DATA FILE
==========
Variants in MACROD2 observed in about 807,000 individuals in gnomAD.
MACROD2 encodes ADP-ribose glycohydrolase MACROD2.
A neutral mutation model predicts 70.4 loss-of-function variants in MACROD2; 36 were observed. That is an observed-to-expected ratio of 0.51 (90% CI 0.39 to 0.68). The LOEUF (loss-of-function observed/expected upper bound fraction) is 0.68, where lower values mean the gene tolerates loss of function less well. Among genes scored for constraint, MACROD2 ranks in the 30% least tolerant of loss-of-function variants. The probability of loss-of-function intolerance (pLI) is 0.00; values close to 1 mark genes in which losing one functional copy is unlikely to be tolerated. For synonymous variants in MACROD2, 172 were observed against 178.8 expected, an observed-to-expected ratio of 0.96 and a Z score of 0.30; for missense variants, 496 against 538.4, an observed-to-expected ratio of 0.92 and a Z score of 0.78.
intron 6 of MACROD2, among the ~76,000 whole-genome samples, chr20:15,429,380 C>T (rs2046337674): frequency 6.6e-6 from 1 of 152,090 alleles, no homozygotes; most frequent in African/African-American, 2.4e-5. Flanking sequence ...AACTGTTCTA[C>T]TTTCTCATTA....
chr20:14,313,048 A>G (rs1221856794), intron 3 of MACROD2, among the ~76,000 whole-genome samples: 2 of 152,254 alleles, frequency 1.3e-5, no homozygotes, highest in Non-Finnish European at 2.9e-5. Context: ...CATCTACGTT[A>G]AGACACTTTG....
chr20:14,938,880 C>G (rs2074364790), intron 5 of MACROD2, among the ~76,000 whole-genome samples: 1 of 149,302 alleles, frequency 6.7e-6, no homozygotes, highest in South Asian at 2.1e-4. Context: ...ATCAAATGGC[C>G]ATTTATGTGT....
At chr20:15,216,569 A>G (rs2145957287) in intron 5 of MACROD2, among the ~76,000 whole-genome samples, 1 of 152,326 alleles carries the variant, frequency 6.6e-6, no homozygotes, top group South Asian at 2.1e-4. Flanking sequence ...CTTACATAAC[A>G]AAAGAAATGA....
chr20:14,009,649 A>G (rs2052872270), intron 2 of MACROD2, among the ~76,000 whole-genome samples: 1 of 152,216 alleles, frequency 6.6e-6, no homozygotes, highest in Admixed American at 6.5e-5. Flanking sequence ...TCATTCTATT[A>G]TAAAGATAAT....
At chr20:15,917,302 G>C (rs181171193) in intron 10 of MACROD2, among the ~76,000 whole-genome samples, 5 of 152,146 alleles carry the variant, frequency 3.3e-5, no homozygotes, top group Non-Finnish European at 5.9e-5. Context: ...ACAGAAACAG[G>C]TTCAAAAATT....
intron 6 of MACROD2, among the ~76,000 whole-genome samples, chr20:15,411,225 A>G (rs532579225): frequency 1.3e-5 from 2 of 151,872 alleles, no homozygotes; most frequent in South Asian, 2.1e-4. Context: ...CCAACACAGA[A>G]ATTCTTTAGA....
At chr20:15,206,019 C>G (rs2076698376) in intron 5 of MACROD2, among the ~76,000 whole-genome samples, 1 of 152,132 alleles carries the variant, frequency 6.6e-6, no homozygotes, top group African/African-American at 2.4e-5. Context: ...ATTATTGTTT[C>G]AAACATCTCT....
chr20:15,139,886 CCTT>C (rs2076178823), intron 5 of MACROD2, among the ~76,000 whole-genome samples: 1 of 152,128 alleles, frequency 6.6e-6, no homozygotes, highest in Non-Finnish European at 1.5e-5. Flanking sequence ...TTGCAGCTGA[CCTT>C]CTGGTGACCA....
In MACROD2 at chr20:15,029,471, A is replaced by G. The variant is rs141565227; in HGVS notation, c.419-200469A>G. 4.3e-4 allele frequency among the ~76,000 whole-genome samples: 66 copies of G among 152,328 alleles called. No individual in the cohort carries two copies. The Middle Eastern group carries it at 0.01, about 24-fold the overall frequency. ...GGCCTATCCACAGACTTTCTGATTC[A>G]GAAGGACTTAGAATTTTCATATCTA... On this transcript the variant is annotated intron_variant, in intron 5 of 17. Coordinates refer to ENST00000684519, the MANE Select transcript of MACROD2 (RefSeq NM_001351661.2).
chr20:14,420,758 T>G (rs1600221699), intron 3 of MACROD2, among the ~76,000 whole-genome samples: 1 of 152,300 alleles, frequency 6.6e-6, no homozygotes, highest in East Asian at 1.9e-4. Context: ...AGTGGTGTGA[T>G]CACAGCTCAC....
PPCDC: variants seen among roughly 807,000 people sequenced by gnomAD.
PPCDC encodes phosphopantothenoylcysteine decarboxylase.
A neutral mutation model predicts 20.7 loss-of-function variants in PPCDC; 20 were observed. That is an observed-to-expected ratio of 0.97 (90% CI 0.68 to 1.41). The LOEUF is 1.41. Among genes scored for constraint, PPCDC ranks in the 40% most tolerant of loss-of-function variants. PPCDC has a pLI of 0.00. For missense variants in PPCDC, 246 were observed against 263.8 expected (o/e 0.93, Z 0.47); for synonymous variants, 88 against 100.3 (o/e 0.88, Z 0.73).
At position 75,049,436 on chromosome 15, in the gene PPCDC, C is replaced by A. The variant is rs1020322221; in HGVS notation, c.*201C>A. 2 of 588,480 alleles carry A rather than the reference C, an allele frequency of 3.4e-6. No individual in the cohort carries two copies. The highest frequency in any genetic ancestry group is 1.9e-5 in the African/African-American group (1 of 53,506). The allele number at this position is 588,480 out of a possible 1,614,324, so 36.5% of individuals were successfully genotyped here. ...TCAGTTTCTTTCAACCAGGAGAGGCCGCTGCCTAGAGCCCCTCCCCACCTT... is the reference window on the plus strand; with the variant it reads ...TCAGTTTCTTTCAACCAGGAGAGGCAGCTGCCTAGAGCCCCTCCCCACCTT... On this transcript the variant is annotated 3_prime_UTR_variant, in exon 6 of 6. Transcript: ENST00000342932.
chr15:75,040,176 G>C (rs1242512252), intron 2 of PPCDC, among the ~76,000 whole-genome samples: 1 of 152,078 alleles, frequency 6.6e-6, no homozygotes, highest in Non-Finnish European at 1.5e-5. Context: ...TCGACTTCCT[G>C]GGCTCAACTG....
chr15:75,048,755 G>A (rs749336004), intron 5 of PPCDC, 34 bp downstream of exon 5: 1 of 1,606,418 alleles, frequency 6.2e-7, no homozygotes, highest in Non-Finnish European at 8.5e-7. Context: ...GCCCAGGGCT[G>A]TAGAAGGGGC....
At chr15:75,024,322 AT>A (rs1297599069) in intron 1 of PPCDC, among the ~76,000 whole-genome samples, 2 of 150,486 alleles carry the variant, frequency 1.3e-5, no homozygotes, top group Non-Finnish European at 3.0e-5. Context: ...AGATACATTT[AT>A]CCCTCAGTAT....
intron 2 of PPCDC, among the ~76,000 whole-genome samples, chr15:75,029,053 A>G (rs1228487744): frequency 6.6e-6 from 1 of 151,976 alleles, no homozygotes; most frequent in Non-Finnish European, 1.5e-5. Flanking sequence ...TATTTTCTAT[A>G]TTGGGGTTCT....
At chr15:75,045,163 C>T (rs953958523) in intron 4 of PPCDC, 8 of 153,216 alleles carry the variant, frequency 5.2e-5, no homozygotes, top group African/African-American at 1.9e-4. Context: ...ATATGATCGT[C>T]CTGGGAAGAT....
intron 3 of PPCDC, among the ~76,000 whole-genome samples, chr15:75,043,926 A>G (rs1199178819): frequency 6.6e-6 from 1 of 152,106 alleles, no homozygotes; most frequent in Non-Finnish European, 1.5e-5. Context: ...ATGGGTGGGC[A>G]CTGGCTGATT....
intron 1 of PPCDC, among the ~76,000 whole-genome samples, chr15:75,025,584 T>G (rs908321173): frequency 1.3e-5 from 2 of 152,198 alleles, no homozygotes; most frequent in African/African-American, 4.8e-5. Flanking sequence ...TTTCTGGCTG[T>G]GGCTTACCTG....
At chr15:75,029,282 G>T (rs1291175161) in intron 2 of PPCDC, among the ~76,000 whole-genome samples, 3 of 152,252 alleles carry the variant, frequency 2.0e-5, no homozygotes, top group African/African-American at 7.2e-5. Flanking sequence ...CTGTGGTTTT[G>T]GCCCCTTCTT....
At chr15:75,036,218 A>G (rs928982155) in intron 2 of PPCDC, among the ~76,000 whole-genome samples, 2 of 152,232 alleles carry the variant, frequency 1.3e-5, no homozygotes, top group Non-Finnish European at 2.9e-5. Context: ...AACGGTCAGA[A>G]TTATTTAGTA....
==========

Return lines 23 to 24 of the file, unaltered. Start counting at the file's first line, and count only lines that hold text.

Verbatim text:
At chr15:75,045,163 C>T (rs953958523) in intron 4 of PPCDC, 8 of 153,216 alleles carry the variant, frequency 5.2e-5, no homozygotes, top group African/African-American at 1.9e-4. Context: ...ATATGATCGT[C>T]CTGGGAAGAT....
intron 3 of PPCDC, among the ~76,000 whole-genome samples, chr15:75,043,926 A>G (rs1199178819): frequency 6.6e-6 from 1 of 152,106 alleles, no homozygotes; most frequent in Non-Finnish European, 1.5e-5. Context: ...ATGGGTGGGC[A>G]CTGGCTGATT....